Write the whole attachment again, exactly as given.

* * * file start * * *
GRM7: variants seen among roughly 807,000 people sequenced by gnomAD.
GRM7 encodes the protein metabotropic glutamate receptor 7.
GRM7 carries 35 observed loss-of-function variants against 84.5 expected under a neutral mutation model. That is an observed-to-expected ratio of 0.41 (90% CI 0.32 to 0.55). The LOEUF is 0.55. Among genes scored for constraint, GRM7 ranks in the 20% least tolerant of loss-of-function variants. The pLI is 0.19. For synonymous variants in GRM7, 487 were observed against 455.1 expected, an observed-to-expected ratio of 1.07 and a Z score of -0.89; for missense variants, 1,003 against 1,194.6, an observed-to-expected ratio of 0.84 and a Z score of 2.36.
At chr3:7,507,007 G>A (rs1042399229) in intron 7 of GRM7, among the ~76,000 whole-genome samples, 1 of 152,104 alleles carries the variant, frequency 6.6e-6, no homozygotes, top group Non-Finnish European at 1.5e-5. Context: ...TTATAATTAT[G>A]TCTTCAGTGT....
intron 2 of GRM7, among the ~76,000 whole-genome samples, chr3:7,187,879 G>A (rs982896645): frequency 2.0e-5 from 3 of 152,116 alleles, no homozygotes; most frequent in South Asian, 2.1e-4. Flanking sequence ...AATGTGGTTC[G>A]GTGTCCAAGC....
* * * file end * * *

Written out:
GRM7: variants seen among roughly 807,000 people sequenced by gnomAD.
GRM7 encodes the protein metabotropic glutamate receptor 7.
GRM7 carries 35 observed loss-of-function variants against 84.5 expected under a neutral mutation model. That is an observed-to-expected ratio of 0.41 (90% CI 0.32 to 0.55). The LOEUF is 0.55. Among genes scored for constraint, GRM7 ranks in the 20% least tolerant of loss-of-function variants. The pLI is 0.19. For synonymous variants in GRM7, 487 were observed against 455.1 expected, an observed-to-expected ratio of 1.07 and a Z score of -0.89; for missense variants, 1,003 against 1,194.6, an observed-to-expected ratio of 0.84 and a Z score of 2.36.
At chr3:7,507,007 G>A (rs1042399229) in intron 7 of GRM7, among the ~76,000 whole-genome samples, 1 of 152,104 alleles carries the variant, frequency 6.6e-6, no homozygotes, top group Non-Finnish European at 1.5e-5. Context: ...TTATAATTAT[G>A]TCTTCAGTGT....
intron 2 of GRM7, among the ~76,000 whole-genome samples, chr3:7,187,879 G>A (rs982896645): frequency 2.0e-5 from 3 of 152,116 alleles, no homozygotes; most frequent in South Asian, 2.1e-4. Flanking sequence ...AATGTGGTTC[G>A]GTGTCCAAGC....